WPCS 2.1.2


Lee Residential NYC provides relocation services for companies and individuals alike. Lee Residential agents have access to thousands of apartments throughout New York City that they can easily show to prospective tenants.

Below is some basic information to help the prospective New York City tenant navigate the rental process.

Tenant Qualifications
  • Tenants typically need to earn annually 40x an apartment’s monthly rent to be approved by a landlord (e.g. if a studio apartment were to rent at $2000/mo, the landlord would be looking for a minimum of $80K per year in income).
  • Two or more prospective tenants may qualify together if their combined annual salaries equal at least 40x the monthly rent.
  • Bonuses are generally included in annual income with salary, provided there is evidence of similar bonus compensation over a consecutive two-year period.
  • A credit check is a necessary part of the application process. The credit check is generally paid for by the prospective tenant. Application fees typically range from $50-100. Good credit is generally reflected by a FICO score of 700 or higher and can be evidenced by several open lines of credit which are either unused or paid on time each month. High student loan balances do not generally detract from one’s credit-worthiness provided payments are made on time or deferred.
  • No credit is not good credit. Prospective tenants who have built up no credit history should generally be prepared to pay additional security or additional rent when searching for an apartment. This is because landlords without documented evidence of tenant credit-worthiness have no ability to assess whether the tenant will pay rent on time.
  • Foreign credit is not good credit. Landlords in the United States have no reliable way to gauge a tenant’s credit-worthiness based on foreign credit reporting. Some landlords will accept Canadian credit reports on a case-by-case basis. However, prospective tenants with no U.S. credit who are relocating to New York should be prepared to pay a significant amount of either extra security, pre-paid rent, or both, in order to secure an apartment.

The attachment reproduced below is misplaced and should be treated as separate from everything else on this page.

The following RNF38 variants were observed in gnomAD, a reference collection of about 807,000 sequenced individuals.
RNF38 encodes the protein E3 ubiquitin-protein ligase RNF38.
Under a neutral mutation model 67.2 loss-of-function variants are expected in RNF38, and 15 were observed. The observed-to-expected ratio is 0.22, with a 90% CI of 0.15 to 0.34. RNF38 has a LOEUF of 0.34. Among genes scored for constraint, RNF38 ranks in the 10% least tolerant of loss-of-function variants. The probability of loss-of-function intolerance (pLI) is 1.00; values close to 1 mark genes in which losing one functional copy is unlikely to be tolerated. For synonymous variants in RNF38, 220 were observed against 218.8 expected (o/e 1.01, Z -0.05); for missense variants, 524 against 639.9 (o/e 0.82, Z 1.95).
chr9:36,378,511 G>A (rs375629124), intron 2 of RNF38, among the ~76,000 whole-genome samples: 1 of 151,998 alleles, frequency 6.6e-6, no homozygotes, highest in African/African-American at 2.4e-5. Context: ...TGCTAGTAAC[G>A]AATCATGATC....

• Bad credit is not good credit. Applications for most buildings are reviewed on a case-by-case basis. Brokers and property managers try to work with prospective tenants who show interest in apartments. However, tenants who have in the past had serious delinquencies or bankruptcies are at a disadvantage. It is best to be honest and open with your agent, prior to looking at apartments, concerning any past credit issues. In this way, agents will be able to more properly present your application to landlords for the best chances of approval. Tenants with negative items on their credit reports should generally be prepared to pay additional security, pre-paid rent, or both.
  • College graduates beginning their first jobs do not generally have a long track-record of employment and are often required to provide extra security or to use a guarantor for their leases.
  • Guarantors are typically required to earn annually 80x the monthly rent of an apartment and also to have excellent credit. Foreign guarantors who do not have U.S. credit are not acceptable to landlords. Some landlords will only accept guarantors who live within the Tri-State area; others will accept guarantors from any part of the United States. However, depending on the location of a guarantor’s residence, a landlord may require additional security.